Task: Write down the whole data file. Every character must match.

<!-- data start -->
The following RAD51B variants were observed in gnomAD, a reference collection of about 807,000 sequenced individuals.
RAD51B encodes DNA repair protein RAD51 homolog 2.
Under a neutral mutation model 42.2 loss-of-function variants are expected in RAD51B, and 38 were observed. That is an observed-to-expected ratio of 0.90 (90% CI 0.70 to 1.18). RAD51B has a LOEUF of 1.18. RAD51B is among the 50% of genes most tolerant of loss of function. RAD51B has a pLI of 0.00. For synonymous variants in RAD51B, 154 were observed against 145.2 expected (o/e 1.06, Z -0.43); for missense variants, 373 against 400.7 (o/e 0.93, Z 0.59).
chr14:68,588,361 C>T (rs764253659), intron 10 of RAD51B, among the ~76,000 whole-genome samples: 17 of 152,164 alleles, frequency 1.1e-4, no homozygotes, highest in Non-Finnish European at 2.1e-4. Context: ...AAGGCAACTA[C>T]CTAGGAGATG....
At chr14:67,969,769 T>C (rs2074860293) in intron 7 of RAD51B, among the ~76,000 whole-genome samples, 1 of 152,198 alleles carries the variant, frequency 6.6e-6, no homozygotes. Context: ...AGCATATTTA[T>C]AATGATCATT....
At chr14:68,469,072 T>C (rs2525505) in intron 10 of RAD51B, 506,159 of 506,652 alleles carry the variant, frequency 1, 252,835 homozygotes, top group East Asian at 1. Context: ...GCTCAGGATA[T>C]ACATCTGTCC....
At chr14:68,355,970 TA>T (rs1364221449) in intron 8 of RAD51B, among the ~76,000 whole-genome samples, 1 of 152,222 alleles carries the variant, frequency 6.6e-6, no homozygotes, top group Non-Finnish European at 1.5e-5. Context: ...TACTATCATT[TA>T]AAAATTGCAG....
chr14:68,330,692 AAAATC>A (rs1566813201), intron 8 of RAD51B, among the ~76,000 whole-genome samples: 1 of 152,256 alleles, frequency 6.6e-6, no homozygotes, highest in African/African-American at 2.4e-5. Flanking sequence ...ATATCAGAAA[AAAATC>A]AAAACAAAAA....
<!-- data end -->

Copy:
The following RAD51B variants were observed in gnomAD, a reference collection of about 807,000 sequenced individuals.
RAD51B encodes DNA repair protein RAD51 homolog 2.
Under a neutral mutation model 42.2 loss-of-function variants are expected in RAD51B, and 38 were observed. That is an observed-to-expected ratio of 0.90 (90% CI 0.70 to 1.18). RAD51B has a LOEUF of 1.18. RAD51B is among the 50% of genes most tolerant of loss of function. RAD51B has a pLI of 0.00. For synonymous variants in RAD51B, 154 were observed against 145.2 expected (o/e 1.06, Z -0.43); for missense variants, 373 against 400.7 (o/e 0.93, Z 0.59).
chr14:68,588,361 C>T (rs764253659), intron 10 of RAD51B, among the ~76,000 whole-genome samples: 17 of 152,164 alleles, frequency 1.1e-4, no homozygotes, highest in Non-Finnish European at 2.1e-4. Context: ...AAGGCAACTA[C>T]CTAGGAGATG....
At chr14:67,969,769 T>C (rs2074860293) in intron 7 of RAD51B, among the ~76,000 whole-genome samples, 1 of 152,198 alleles carries the variant, frequency 6.6e-6, no homozygotes. Context: ...AGCATATTTA[T>C]AATGATCATT....
At chr14:68,469,072 T>C (rs2525505) in intron 10 of RAD51B, 506,159 of 506,652 alleles carry the variant, frequency 1, 252,835 homozygotes, top group East Asian at 1. Context: ...GCTCAGGATA[T>C]ACATCTGTCC....
At chr14:68,355,970 TA>T (rs1364221449) in intron 8 of RAD51B, among the ~76,000 whole-genome samples, 1 of 152,222 alleles carries the variant, frequency 6.6e-6, no homozygotes, top group Non-Finnish European at 1.5e-5. Context: ...TACTATCATT[TA>T]AAAATTGCAG....
chr14:68,330,692 AAAATC>A (rs1566813201), intron 8 of RAD51B, among the ~76,000 whole-genome samples: 1 of 152,256 alleles, frequency 6.6e-6, no homozygotes, highest in African/African-American at 2.4e-5. Flanking sequence ...ATATCAGAAA[AAAATC>A]AAAACAAAAA....